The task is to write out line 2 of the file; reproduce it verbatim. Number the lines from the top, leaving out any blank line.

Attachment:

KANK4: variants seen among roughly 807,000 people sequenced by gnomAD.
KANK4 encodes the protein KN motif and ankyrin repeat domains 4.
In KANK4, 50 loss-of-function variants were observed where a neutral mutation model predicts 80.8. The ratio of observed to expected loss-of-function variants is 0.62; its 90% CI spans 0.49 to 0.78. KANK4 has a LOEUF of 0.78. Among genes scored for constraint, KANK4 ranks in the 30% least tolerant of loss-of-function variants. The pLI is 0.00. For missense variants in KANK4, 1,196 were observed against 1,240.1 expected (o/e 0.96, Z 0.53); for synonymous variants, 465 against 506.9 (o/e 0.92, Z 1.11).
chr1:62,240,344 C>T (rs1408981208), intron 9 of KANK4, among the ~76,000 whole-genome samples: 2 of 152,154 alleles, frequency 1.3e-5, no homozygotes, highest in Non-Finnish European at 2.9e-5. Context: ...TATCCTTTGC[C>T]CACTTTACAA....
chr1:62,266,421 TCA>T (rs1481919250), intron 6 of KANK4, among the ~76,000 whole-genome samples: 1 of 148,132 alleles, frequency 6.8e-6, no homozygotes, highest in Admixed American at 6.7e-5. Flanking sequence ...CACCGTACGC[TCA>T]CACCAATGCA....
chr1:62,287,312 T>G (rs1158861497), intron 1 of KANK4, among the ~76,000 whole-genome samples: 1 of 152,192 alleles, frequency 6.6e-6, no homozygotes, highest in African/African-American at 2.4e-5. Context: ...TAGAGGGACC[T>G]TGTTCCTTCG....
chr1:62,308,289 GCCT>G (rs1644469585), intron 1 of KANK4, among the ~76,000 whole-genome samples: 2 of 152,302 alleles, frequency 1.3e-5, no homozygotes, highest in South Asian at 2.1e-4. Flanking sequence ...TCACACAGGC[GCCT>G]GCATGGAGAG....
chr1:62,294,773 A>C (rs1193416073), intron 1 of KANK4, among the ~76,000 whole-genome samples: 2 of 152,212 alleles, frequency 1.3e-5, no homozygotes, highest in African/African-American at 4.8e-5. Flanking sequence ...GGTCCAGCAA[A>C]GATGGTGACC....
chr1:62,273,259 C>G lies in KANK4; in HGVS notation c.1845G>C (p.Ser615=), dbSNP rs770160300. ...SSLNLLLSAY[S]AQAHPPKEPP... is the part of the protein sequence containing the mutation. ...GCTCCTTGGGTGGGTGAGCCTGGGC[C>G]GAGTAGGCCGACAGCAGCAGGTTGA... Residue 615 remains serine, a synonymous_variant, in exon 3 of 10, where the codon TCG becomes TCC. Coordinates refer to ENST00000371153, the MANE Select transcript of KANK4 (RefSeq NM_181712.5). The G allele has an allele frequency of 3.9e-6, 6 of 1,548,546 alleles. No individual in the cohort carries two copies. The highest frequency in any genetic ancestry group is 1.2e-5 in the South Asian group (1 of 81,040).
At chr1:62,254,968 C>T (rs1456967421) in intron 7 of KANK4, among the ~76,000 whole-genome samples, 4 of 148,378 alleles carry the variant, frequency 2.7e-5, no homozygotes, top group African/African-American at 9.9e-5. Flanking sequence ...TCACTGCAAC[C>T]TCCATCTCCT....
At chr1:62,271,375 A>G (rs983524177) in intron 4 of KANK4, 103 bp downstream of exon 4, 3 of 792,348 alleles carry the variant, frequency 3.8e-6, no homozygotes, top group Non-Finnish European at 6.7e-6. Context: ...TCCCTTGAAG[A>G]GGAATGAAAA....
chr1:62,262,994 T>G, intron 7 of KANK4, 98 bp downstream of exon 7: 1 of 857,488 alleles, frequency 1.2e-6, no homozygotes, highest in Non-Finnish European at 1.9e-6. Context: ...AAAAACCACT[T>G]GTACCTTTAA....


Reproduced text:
KANK4 encodes the protein KN motif and ankyrin repeat domains 4.